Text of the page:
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Title: A scalable approach to solving dense linear algebra problems on hybrid CPU-GPU systems

Aiming to fully exploit the computing power of all CPUs and all graphics processing units (GPUs) on hybrid CPU-GPU systems to solve dense linear algebra problems, in this paper we design a class of heterogeneous tile algorithms to maximize the degree of parallelism, to minimize the communication volume, and to accommodate the heterogeneity between CPUs and GPUs. The new heterogeneous tile algorithms are executed upon our decentralized dynamic scheduling runtime system, which schedules a task graph dynamically and transfers data between compute nodes automatically. The runtime system uses a new distributed task assignment protocol to solve data dependencies between tasks without any coordination between processing units. By overlapping computation and communication through dynamic scheduling, we are able to attain scalable performance for the double-precision Cholesky factorization and QR factorization. Finally, our approach demonstrates a performance comparable to Intel MKL on shared-memory multicore systems and better performance than both vendor (e.g., Intel MKL) and open source libraries (e.g., StarPU) in the following three environments: heterogeneous clusters with GPUs, conventional clusters without GPUs, and shared-memory systems with multiple GPUs.
Authors:
 [1] ;  [2]
  1. Indiana Univ.-Purdue Univ., Indianapolis, IN (United States)
  2. Univ. of Tennessee, Knoxville, TN (United States); Oak Ridge National Lab. (ORNL), Oak Ridge, TN (United States); Univ. of Manchester (United Kingdom)
Publication Date:
Grant/Contract Number:
AC05-00OR22725
Type:
Accepted Manuscript
Journal Name:
Concurrency and Computation. Practice and Experience
Additional Journal Information:
Journal Volume: 27; Journal Issue: 14; Journal ID: ISSN 1532-0626
Publisher:
Wiley
Research Org:
Indiana Univ.-Purdue Univ., Indianapolis, IN (United States); Univ. of Tennessee, Knoxville, TN (United States); Oak Ridge National Lab. (ORNL), Oak Ridge, TN (United States)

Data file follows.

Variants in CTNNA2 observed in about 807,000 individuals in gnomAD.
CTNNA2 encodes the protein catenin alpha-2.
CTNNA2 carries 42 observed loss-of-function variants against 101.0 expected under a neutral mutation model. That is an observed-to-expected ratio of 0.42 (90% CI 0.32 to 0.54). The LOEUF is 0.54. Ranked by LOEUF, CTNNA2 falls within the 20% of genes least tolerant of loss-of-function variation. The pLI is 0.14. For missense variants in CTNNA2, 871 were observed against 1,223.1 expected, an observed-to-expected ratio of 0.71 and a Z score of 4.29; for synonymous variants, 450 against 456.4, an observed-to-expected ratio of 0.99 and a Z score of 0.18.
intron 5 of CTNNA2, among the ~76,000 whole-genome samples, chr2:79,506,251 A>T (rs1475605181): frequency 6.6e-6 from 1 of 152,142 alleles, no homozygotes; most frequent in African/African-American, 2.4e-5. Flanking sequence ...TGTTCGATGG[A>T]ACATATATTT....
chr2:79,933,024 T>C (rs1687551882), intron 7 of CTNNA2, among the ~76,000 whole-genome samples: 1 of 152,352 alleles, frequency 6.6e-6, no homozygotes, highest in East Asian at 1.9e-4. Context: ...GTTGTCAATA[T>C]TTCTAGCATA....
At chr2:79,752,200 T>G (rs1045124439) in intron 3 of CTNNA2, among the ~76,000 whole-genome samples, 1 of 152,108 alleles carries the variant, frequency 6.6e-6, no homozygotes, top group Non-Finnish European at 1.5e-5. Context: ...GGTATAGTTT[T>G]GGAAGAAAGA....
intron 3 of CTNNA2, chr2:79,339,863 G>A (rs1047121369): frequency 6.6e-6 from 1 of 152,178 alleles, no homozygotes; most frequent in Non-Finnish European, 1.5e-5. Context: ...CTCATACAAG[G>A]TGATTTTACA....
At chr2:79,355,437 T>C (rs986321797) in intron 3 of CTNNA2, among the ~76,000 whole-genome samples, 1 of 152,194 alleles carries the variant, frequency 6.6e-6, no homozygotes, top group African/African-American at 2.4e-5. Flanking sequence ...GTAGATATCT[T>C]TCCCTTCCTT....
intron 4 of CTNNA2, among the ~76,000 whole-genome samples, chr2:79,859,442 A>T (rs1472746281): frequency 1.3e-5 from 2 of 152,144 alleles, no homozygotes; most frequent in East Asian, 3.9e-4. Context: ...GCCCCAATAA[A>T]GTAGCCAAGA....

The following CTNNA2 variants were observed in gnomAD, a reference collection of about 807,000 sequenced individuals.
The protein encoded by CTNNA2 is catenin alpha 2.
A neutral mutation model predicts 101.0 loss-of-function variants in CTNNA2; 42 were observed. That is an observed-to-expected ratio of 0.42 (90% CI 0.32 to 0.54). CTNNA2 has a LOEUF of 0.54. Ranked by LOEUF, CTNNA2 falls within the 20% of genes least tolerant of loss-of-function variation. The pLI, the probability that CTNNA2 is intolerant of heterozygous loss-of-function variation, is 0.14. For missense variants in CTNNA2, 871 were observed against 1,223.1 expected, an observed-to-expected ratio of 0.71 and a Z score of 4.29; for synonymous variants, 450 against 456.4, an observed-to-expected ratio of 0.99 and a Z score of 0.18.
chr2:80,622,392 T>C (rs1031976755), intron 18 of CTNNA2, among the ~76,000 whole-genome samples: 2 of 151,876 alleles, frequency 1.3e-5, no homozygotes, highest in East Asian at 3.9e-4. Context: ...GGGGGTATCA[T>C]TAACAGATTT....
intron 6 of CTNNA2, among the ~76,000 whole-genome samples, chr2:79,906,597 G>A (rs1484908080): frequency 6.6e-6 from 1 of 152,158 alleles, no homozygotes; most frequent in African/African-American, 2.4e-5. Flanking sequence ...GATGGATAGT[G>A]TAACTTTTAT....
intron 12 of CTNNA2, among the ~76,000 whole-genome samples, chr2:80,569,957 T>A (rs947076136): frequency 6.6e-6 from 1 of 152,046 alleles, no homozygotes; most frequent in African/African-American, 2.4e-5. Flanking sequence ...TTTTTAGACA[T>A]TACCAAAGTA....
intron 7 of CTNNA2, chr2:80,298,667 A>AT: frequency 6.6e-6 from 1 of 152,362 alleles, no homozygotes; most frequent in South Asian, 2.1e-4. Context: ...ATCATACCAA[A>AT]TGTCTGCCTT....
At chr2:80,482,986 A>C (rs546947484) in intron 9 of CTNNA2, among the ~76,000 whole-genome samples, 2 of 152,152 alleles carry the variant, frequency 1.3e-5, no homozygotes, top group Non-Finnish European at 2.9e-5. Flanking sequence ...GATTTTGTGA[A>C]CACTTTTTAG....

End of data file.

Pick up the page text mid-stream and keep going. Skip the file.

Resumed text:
Sponsoring Org:
USDOE
Contributing Orgs:
Univ. of Manchester (United Kingdom)
Country of Publication:
United States
Language:
English
Subject:
97 MATHEMATICS AND COMPUTING; dense linear algebra; heterogeneous HPC systems; distributed dataflow scheduling; runtime systems
OSTI Identifier:
1361295

Song, Fengguang, and Dongarra, Jack. A scalable approach to solving dense linear algebra problems on hybrid CPU-GPU systems. United States: N. p., Web. doi:10.1002/cpe.3403.
Song, Fengguang, & Dongarra, Jack. A scalable approach to solving dense linear algebra problems on hybrid CPU-GPU systems. United States. doi:10.1002/cpe.3403.
Song, Fengguang, and Dongarra, Jack. 2014. "A scalable approach to solving dense linear algebra problems on hybrid CPU-GPU systems". United States. doi:10.1002/cpe.3403. https://www.osti.gov/servlets/purl/1361295.
@article{osti_1361295,
title = {A scalable approach to solving dense linear algebra problems on hybrid CPU-GPU systems},
author = {Song, Fengguang and Dongarra, Jack},
abstractNote = {Aiming to fully exploit the computing power of all CPUs and all graphics processing units (GPUs) on hybrid CPU-GPU systems to solve dense linear algebra problems, in this paper we design a class of heterogeneous tile algorithms to maximize the degree of parallelism, to minimize the communication volume, and to accommodate the heterogeneity between CPUs and GPUs. The new heterogeneous tile algorithms are executed upon our decentralized dynamic scheduling runtime system, which schedules a task graph dynamically and transfers data between compute nodes automatically. The runtime system uses a new distributed task assignment protocol to solve data dependencies between tasks without any coordination between processing units. By overlapping computation and communication through dynamic scheduling, we are able to attain scalable performance for the double-precision Cholesky factorization and QR factorization. Finally, our approach demonstrates a performance comparable to Intel MKL on shared-memory multicore systems and better performance than both vendor (e.g., Intel MKL) and open source libraries (e.g., StarPU) in the following three environments: heterogeneous clusters with GPUs, conventional clusters without GPUs, and shared-memory systems with multiple GPUs.},
doi = {10.1002/cpe.3403},
journal = {Concurrency and Computation. Practice and Experience},
number = 14,
volume = 27,
place = {United States},
year = {2014},
month = {10}
}